Last month, three pieces of news hit us, and our environment, upside the head.
First, China's State Council announced it was ending a 25-year-old ban on the sale of tiger and rhino parts. They offered no evidence that tiger or rhino populations have sufficiently bounced back from peril.
The Convention on Trade in Endangered Species (CITES) is the 183-nation body that governs cross-border commerce in plants and animals. CITES will next meet in Sri Lanka in May, and China's action will be a hot topic.
Conservationists view China as the primary culprit in the decline of both animals. Some practitioners of traditional Chinese medicine value tiger bone and rhino horn as key components in cure-alls and virility potions.
Not only does the rest of the medical world reject such beliefs, but even the World Federation of Chinese Medicine Societies declared tiger bone and other exotic wildlife products to be medically worthless in 2010.
But China's spectacular economic growth has ballooned the middle and upper classes of the world's most populous nation, resulting in explosive growth in auto and refrigerator sales, but also in conspicuous consumer goods like tiger bone wine or rhino horn powder.
Game wardens have great difficulty keeping up with poachers in the wild, and increasingly give up their lives trying to do so. The black rhinos of Central Africa are critically endangered, as are South China tigers.
We're on the clock
Ready for more? After years of stern-but-vague warnings, the UN's Intergovernmental Panel on Climate Change (IPCC) finally put us on the clock:
They say we have 12 years to take substantial action on greenhouse gas emissions to stave off the worst climate impacts from drought, storms, sea level rise, habitat loss, disease and other consequences.
Agribusiness in the Amazon
Credit: Alessandro Dias/flickr
On to number three: Such a tight climate timeline virtually requires that world leaders speak – or tweet – with one voice. Not only has America fallen off the flat side of the Earth on climate, but another key nation may soon follow.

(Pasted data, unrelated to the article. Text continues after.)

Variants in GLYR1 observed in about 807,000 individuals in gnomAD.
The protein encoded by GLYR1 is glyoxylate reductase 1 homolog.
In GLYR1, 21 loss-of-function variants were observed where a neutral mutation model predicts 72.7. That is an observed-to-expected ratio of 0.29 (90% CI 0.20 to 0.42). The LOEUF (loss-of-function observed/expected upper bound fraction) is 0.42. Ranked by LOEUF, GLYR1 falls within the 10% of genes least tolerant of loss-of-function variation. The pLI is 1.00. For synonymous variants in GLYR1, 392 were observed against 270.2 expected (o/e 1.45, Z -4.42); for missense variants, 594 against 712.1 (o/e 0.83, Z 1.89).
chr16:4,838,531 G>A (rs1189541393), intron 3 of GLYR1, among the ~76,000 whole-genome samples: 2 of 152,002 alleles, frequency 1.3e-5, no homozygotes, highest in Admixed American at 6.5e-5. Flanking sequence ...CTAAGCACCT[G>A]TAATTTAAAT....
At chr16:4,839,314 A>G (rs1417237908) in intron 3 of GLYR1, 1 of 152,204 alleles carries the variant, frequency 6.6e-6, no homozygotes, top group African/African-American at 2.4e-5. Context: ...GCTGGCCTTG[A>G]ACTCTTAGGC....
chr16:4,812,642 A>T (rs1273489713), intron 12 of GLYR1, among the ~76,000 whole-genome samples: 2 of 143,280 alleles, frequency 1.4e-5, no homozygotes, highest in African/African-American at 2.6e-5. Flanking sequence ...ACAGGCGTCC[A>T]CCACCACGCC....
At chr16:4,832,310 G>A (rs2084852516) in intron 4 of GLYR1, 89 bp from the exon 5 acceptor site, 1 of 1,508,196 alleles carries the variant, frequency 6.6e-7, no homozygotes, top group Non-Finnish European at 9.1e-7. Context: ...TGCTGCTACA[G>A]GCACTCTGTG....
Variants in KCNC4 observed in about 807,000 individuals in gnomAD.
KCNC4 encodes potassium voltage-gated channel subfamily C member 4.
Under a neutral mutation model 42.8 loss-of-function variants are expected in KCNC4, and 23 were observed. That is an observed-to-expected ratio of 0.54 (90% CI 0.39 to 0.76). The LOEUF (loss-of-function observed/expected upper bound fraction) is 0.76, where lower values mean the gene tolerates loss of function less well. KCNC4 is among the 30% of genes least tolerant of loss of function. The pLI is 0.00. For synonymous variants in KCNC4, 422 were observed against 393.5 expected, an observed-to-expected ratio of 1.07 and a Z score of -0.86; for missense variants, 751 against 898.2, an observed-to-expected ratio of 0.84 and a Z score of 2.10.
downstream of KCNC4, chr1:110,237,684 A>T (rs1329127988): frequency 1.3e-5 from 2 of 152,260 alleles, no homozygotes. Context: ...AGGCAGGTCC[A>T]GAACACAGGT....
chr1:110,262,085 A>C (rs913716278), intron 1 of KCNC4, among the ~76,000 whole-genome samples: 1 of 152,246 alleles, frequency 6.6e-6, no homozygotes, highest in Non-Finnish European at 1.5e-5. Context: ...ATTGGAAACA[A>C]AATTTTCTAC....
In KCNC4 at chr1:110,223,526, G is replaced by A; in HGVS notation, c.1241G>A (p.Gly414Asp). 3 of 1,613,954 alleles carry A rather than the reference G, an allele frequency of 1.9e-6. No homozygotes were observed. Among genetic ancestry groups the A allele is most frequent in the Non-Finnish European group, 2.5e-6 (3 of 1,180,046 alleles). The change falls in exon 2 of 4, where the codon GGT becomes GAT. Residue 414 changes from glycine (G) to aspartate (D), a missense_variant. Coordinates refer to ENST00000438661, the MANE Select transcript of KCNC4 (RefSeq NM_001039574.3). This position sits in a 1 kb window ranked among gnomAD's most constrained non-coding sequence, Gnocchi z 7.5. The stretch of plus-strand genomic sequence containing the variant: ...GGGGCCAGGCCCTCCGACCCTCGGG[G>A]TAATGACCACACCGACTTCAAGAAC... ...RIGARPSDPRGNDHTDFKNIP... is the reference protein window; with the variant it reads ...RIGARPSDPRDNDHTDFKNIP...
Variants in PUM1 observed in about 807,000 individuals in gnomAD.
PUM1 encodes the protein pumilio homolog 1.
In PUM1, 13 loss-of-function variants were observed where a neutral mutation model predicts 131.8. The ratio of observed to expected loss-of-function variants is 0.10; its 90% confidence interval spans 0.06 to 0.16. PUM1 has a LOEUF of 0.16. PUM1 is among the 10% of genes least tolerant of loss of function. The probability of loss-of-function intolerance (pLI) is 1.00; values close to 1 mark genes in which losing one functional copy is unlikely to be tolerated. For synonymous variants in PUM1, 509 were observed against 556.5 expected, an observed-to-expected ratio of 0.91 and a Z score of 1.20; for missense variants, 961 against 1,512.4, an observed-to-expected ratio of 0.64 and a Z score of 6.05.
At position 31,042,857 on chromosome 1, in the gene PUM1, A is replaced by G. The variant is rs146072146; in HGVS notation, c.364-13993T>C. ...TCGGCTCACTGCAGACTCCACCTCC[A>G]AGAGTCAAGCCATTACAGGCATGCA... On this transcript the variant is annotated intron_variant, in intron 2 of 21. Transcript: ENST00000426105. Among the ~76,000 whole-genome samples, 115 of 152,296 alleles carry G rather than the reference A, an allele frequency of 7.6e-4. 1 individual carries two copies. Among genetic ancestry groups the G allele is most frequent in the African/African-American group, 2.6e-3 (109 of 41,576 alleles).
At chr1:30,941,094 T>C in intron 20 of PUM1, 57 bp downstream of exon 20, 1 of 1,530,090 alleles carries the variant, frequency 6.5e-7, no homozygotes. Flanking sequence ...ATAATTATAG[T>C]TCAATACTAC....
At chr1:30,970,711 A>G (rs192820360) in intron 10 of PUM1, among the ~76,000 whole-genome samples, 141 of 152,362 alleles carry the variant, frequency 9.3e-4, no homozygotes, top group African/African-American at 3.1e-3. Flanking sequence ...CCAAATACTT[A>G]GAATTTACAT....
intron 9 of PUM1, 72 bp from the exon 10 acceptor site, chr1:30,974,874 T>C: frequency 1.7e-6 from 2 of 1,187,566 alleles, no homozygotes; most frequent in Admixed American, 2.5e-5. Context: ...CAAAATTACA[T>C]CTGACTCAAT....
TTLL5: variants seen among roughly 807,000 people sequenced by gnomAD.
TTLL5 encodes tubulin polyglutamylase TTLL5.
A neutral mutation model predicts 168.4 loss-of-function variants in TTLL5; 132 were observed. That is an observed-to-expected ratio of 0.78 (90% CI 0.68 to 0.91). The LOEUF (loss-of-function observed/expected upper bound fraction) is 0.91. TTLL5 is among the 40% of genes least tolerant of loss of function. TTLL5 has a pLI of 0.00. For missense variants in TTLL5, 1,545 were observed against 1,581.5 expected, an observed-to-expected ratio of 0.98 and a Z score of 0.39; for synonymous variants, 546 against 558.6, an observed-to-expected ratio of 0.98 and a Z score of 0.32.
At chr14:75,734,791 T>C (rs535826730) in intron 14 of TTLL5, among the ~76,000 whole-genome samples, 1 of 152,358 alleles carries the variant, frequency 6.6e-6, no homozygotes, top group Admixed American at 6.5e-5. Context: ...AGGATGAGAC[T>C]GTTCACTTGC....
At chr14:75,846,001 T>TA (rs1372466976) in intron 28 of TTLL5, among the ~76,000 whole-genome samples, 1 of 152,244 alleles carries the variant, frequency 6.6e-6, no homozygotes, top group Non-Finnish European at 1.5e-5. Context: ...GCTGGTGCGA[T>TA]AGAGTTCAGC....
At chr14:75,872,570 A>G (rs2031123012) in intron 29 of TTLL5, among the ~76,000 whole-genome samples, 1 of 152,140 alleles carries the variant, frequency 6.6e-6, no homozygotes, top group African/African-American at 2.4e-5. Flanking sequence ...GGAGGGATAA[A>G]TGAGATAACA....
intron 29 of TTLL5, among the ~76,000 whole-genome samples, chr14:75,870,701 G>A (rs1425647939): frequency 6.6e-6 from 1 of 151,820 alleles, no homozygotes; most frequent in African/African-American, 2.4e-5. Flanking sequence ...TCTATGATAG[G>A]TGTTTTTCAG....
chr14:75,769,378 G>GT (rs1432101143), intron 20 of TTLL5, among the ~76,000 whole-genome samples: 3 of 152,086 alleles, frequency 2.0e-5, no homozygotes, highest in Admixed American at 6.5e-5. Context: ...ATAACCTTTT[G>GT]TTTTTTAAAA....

The election of Jair Bolsonaro to the Brazilian Presidency may give Donald Trump a partner in eco-crime.
Bolsonaro has eyed what's left of the Amazon as a future paradise for agribusiness, and could well withdraw Brazil's 209 million souls from the Paris Climate Accord – an unspeakable fall for the hosts of the 1992 Rio Earth Summit.
Moving past midterms
Finally, let's offer a little good news for American readers who, like me, watch too much TV. Come Wednesday, the election will be behind us, and the tortuous stream of negative political ads will come to a close. We'll no longer get nightly reminders of how every Republican and every Democratic candidate is a mother-beating, beady-eyed scoundrel.
Some sweet day, we'll reclaim our elections from the blackguards who run political campaigns and the TV stations that make untold millions from selling them ads. Till then, TV will return to its normal inventory of ads for car dealers, whiplash lawyers, and adult diapers.
Oh, and I know that I promised you only three apocalyptic news items, but in the interest of fairness, as October closed, the World Wide Fund for Nature issued a report estimating that humanity has wiped out 60% of all animal populations since 1970. And the World Health Organization report stating that 90% of the world's children now breathe toxic air.
Have a nice day, everyone!
From tigers to climate to the Amazon—we closed out last month with three bad, very bad, terrible bits of news for the environment.